• You read about Davinder Singh. You read about Samarpal, the BSF jawan caught carrying a lethal bomb into a CRPF camp. Now read this story, of how army personnel in Kashmir are commandeering the cars of citizens at night. Why would the army, which has vehicles to spare, need to surreptitiously commandeer private cars at night? What are they doing, that they cannot do in their own official vehicles? The questions just keep mounting, and each unanswered question adds to the dread that the situation in the Valley is much less than even the more pessimistic of us feared.

I’ll be back here later today in case this post needs updating. In the meantime, I will leave you with this comprehensive — and highly evocative — collation of the protest music that is emerging out of the ongoing revolution. I’ve been listening to some of these on loop. And also with this image, that got fixed in my mind when I saw it while surfing Twitter last evening:

WTF Just Happened: November 10

#1. Pune University just announced that gold medals will be given only to those students who are completely vegetarian. How do you even comment? What do you say?

#2. In Kerala, an RSS worker inadvertently blew up the roof of his home — one of those innocent accidents that happen when you are trying to make bombs, presumably for purely peaceful purposes. Remember this post?

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Kerala, redux

The calls from Kerala where I have family, and friends on various sides of the political spectrum, were jocular; much amusement was apparently occasioned by the BJP’s ‘Janraksha Yatra’. Amit Shah and Yogi Adityanath were particularly ripe targets for that peculiarly Mallu brand of humor, whose chief characteristic is savage cynicism.

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The News in Briefs: October 2

#1. In Agra, members of the VHP and the RSS, armed with guns, pistols and swords fired in the air near a temple in the Agra Fort region to “celebrate Dussehra”. The police have registered a case. The weapons, the firing, the communal slogans, all add up to calculated intimidation. And all the while, the RSS claims that it is the victim, not the perpetrator, of violence against its members.

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WTFJH: Random links and an open thread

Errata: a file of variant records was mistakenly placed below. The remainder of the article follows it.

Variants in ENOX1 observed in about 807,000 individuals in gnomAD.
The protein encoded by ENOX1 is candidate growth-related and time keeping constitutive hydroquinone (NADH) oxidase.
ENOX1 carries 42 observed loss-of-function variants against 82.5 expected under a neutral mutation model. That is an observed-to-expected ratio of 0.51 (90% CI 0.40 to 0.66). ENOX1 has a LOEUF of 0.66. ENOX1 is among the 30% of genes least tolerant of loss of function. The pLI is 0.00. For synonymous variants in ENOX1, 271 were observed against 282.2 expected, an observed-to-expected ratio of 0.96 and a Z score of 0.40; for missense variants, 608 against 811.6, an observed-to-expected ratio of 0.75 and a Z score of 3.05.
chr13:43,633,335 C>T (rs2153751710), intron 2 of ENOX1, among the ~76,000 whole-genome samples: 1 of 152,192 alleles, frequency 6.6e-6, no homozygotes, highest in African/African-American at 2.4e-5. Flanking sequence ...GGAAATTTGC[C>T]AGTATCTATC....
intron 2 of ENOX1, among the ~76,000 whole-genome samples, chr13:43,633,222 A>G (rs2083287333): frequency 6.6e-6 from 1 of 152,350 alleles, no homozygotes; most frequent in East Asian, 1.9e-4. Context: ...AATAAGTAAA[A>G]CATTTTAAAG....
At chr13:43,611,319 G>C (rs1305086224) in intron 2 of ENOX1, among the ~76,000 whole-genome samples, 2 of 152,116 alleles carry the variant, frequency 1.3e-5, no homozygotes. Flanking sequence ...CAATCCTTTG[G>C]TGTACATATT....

Today’s post is not thematic, but more in the nature of a scratch-pad, a compilation of stories that caught my eye over the past 24 hours.

#1. Muslims in Hyderabad set a temple on fire; dead cows were later found on the floor. The whole was captured on video, which was spread widely through social media channels. Only, none of this happened — the video, says Hyderabad police, is a fake. Ask yourself why this keeps happening. In this connection, here is a story out of West Bengal that talks of systematic plans to spread terror during the Navratri season. I haven’t seen this on other media platforms yet, and I can’t vouch for its accuracy — I saved it to my files only because the broad outlines seem familiar, part of a well-thumbed playbook.

#2. Bofors, that periodic preoccupation of the media, is back in the headlines at least in certain quarters. The latest on this is that the PAC has asked the Defense Ministry to trace and share all missing files related to the case. I just set a reminder on my calendar to check back on this in a month, the reminder to recur monthly, because for a long time now Bofors has felt to me more like a red herring to be kept on ice and periodically dragged across the media space whenever the narrative needs to be changed, whenever a distraction feels necessary. Like most people who have followed this story since 1990, I think it is time for some kind of closure. And what better time than now — the government, after all, has no stake in a cover-up; in fact, the reverse is true. So the case should move forward to a conclusion fairly soon. No?

And while on that, big news: the ED says it will summon Amitabh Bachchan, Aishwarya Rai Bachchan, Ajay Devgan and others on some unspecified date to probe their involvement in what is known as the Panama Papers scandal (A Guardian backgrounder, for those who came in late). It is good to see the ED move lightning fast on a major scam — after all, the story only broke in April 2016, and if some backward nations (Pakistan, to name one) have completed their probe and even sacked some of their highest office-bearers/politicians, what of that?